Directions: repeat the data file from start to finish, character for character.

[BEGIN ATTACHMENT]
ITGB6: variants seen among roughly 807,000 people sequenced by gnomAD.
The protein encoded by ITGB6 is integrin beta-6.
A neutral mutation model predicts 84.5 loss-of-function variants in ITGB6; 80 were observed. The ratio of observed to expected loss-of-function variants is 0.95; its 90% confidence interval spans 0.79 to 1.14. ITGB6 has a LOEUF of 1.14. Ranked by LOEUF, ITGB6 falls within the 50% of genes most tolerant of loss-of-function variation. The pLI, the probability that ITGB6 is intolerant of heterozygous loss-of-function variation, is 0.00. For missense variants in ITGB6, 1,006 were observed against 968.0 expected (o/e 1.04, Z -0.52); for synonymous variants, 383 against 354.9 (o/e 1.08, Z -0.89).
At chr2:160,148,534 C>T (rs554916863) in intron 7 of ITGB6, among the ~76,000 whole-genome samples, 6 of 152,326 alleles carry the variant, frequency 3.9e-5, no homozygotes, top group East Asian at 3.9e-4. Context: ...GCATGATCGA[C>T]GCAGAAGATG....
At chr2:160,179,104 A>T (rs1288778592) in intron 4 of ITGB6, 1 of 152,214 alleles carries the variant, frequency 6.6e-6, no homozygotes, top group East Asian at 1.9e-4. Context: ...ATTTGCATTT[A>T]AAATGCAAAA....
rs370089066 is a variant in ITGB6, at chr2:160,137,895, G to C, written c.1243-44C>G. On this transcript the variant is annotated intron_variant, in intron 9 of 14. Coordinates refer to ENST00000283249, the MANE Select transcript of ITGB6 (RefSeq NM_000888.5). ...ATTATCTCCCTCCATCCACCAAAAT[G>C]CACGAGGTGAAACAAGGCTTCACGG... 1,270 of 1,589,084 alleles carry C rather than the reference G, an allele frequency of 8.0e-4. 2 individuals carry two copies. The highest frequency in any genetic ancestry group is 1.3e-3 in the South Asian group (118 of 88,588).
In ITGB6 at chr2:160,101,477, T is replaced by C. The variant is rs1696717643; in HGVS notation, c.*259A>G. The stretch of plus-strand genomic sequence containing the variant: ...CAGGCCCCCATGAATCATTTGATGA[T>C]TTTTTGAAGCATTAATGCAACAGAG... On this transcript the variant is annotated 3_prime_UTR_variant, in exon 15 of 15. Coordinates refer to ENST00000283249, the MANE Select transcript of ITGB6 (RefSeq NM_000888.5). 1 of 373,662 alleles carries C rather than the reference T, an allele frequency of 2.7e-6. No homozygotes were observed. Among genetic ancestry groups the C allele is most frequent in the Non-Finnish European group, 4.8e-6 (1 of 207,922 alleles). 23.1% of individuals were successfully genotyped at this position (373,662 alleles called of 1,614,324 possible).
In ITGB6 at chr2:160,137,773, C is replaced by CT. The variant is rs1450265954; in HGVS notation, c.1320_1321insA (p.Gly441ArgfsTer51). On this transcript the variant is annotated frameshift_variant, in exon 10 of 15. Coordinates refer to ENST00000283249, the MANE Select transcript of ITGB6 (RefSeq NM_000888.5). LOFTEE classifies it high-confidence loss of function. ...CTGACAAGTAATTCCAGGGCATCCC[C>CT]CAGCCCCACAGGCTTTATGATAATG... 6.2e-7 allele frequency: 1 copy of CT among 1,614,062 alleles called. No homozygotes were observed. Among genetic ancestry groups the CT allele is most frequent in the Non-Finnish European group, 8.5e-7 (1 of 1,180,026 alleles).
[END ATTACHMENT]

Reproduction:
ITGB6: variants seen among roughly 807,000 people sequenced by gnomAD.
The protein encoded by ITGB6 is integrin beta-6.
A neutral mutation model predicts 84.5 loss-of-function variants in ITGB6; 80 were observed. The ratio of observed to expected loss-of-function variants is 0.95; its 90% confidence interval spans 0.79 to 1.14. ITGB6 has a LOEUF of 1.14. Ranked by LOEUF, ITGB6 falls within the 50% of genes most tolerant of loss-of-function variation. The pLI, the probability that ITGB6 is intolerant of heterozygous loss-of-function variation, is 0.00. For missense variants in ITGB6, 1,006 were observed against 968.0 expected (o/e 1.04, Z -0.52); for synonymous variants, 383 against 354.9 (o/e 1.08, Z -0.89).
At chr2:160,148,534 C>T (rs554916863) in intron 7 of ITGB6, among the ~76,000 whole-genome samples, 6 of 152,326 alleles carry the variant, frequency 3.9e-5, no homozygotes, top group East Asian at 3.9e-4. Context: ...GCATGATCGA[C>T]GCAGAAGATG....
At chr2:160,179,104 A>T (rs1288778592) in intron 4 of ITGB6, 1 of 152,214 alleles carries the variant, frequency 6.6e-6, no homozygotes, top group East Asian at 1.9e-4. Context: ...ATTTGCATTT[A>T]AAATGCAAAA....
rs370089066 is a variant in ITGB6, at chr2:160,137,895, G to C, written c.1243-44C>G. On this transcript the variant is annotated intron_variant, in intron 9 of 14. Coordinates refer to ENST00000283249, the MANE Select transcript of ITGB6 (RefSeq NM_000888.5). ...ATTATCTCCCTCCATCCACCAAAAT[G>C]CACGAGGTGAAACAAGGCTTCACGG... 1,270 of 1,589,084 alleles carry C rather than the reference G, an allele frequency of 8.0e-4. 2 individuals carry two copies. The highest frequency in any genetic ancestry group is 1.3e-3 in the South Asian group (118 of 88,588).
In ITGB6 at chr2:160,101,477, T is replaced by C. The variant is rs1696717643; in HGVS notation, c.*259A>G. The stretch of plus-strand genomic sequence containing the variant: ...CAGGCCCCCATGAATCATTTGATGA[T>C]TTTTTGAAGCATTAATGCAACAGAG... On this transcript the variant is annotated 3_prime_UTR_variant, in exon 15 of 15. Coordinates refer to ENST00000283249, the MANE Select transcript of ITGB6 (RefSeq NM_000888.5). 1 of 373,662 alleles carries C rather than the reference T, an allele frequency of 2.7e-6. No homozygotes were observed. Among genetic ancestry groups the C allele is most frequent in the Non-Finnish European group, 4.8e-6 (1 of 207,922 alleles). 23.1% of individuals were successfully genotyped at this position (373,662 alleles called of 1,614,324 possible).
In ITGB6 at chr2:160,137,773, C is replaced by CT. The variant is rs1450265954; in HGVS notation, c.1320_1321insA (p.Gly441ArgfsTer51). On this transcript the variant is annotated frameshift_variant, in exon 10 of 15. Coordinates refer to ENST00000283249, the MANE Select transcript of ITGB6 (RefSeq NM_000888.5). LOFTEE classifies it high-confidence loss of function. ...CTGACAAGTAATTCCAGGGCATCCC[C>CT]CAGCCCCACAGGCTTTATGATAATG... 6.2e-7 allele frequency: 1 copy of CT among 1,614,062 alleles called. No homozygotes were observed. Among genetic ancestry groups the CT allele is most frequent in the Non-Finnish European group, 8.5e-7 (1 of 1,180,026 alleles).